• FIG. 14 is a flowchart of an exemplary embodiment of a method 14000 related to the method 12000. At activity 14100, a propel routine can be executed to relocate the machine. At activity 14200, a determination can be made whether the dig area has been scanned. It the dig area has been scanned, control can be returned to activity 12200 of FIG. 12. If the dig area has not been scanned, at activity 14300, a scan can be made of the dig area. Control can then be returned to activity 12200 of FIG. 12.
  • FIG. 15 is a flowchart of an exemplary embodiment of a method 15000 for tucking a machine. At activity 15100, new dig cycle coordinates can be obtained from a cycle plan. At activity 15200, a swing angle braking point can be calculated. At activity 15400, a motor propelling a dipper associated with the machine can swing to the swing angle braking point. At activity 15600, the dipper can be stopped via a brake. At activity 15700, the dipper can be tucked in preparation to dig a next dipper of earthen material.
  • At activity 15300, an angle to begin a confirmation scan can be calculated. At activity 15500, a confirmation scan can be executed. The confirmation scan can comprise a profile of a digging surface. At activity 15800, a “fingerprint confirmation” scan can be made. The “fingerprint confirmation” scan can be made to confirm a validity of a digging profile and/or a digging procedure. At activity 15900, a determination can be made regarding whether a scan has been confirmed. If the scan has been confirmed, method 15000 can end. If the scan is not confirmed, control can be passed to method 16000 of FIG. 16.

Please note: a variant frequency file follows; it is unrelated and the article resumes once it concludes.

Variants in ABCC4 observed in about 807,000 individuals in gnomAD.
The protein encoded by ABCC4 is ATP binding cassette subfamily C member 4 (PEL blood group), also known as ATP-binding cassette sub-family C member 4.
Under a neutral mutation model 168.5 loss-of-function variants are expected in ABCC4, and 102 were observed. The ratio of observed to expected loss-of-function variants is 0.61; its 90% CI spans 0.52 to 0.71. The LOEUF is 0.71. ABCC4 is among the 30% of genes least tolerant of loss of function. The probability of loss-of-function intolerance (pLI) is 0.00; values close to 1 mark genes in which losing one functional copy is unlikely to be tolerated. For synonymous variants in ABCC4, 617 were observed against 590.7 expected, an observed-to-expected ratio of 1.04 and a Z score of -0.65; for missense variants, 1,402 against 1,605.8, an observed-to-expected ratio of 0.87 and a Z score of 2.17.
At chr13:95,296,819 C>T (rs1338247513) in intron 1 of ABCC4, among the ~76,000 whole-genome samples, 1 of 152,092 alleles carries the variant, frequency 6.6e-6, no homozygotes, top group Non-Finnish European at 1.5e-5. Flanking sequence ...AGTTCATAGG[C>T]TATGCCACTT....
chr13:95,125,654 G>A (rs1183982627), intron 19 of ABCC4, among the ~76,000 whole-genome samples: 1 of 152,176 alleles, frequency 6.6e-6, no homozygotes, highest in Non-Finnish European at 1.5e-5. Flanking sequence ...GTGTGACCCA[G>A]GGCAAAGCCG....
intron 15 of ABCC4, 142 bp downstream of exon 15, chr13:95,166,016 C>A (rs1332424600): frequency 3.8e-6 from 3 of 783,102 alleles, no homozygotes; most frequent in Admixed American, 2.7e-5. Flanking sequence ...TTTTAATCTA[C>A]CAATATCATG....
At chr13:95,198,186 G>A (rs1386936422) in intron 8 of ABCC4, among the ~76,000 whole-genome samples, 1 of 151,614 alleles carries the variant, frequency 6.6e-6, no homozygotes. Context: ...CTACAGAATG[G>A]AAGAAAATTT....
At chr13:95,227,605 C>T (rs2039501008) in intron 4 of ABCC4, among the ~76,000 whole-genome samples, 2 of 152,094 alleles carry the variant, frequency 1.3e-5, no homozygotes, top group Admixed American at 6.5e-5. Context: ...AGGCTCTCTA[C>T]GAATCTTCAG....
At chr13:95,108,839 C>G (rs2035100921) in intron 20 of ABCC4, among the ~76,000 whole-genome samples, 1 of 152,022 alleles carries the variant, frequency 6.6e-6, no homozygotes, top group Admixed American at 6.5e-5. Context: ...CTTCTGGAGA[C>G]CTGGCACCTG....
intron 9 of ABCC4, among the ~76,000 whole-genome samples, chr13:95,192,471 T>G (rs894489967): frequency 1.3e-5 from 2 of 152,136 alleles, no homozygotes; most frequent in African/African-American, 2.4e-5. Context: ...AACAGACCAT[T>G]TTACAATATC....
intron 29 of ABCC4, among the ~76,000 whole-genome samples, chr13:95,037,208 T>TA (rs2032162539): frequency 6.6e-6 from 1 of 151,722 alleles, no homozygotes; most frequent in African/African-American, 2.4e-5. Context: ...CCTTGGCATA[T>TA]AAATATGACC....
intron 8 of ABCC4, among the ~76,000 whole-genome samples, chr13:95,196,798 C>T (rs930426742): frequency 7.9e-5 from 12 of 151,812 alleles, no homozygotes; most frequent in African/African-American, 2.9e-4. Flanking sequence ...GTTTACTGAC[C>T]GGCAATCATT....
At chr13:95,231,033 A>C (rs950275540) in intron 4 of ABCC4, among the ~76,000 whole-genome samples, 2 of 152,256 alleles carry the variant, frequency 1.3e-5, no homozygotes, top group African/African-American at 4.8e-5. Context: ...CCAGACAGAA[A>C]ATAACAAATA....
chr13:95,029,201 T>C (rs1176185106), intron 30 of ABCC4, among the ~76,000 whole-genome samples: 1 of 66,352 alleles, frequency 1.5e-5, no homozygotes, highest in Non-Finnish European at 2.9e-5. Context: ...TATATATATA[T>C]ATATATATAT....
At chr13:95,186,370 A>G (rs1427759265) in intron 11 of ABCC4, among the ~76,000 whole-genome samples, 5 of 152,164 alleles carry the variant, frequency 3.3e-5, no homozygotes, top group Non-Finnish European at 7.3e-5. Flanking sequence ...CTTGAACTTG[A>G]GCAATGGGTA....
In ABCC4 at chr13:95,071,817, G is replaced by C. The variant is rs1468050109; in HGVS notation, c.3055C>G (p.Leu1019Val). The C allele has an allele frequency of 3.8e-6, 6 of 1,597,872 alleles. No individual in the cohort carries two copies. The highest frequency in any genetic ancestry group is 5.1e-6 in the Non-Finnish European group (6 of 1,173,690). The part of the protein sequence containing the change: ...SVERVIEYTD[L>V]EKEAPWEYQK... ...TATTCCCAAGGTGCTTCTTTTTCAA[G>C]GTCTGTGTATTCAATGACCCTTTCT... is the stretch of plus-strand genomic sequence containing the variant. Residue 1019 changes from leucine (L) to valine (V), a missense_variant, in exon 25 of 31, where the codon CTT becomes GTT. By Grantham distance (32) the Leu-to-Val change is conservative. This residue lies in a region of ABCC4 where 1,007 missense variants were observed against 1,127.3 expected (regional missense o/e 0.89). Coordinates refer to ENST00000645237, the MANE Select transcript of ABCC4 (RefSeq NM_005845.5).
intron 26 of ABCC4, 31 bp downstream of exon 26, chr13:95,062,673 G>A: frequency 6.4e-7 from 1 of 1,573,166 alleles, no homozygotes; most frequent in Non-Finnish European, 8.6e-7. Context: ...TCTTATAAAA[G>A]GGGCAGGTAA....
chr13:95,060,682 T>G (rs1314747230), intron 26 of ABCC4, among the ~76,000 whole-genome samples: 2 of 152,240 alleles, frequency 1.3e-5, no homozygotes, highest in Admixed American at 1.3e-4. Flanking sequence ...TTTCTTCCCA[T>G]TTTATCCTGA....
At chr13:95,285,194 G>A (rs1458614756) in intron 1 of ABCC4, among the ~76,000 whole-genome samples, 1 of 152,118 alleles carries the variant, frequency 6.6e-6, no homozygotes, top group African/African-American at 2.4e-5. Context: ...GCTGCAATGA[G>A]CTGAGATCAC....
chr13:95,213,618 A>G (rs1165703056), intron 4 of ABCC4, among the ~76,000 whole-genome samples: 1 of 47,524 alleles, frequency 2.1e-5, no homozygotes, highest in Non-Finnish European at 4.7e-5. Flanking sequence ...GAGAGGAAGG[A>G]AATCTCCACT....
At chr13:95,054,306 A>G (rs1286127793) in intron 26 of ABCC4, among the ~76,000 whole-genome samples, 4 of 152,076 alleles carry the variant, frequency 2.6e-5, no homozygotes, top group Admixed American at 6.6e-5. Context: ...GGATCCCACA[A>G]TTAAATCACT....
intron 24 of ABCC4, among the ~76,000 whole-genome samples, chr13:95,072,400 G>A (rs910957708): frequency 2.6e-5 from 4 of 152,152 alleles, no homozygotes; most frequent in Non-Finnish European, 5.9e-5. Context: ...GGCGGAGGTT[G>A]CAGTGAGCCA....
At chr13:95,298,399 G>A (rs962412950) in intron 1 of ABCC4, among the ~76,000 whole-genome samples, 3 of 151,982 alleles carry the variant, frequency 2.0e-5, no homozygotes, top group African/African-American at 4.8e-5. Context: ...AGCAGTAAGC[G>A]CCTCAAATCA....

• FIG. 16 is a flowchart of an exemplary embodiment of a method 16000 related to the method 15000. At activity 16100, a detailed scan resolution can be performed. At activity 16200, a determination can be made regarding whether the detailed scan has been resolved. If the detailed scan has been resolved, procedure 15000 ends. If the detailed scan has not been resolved then, at activity 16300, a determination can be made whether the bank is unstable. If the bank is unstable, at activity 16400, an instability routine can be run. Control can then return to activity 16200. If the bank is determined not to be unstable, at activity 16500, a confusion routine can be executed. The confusion routine can be adapted to request at least partial control of the machine to an operator.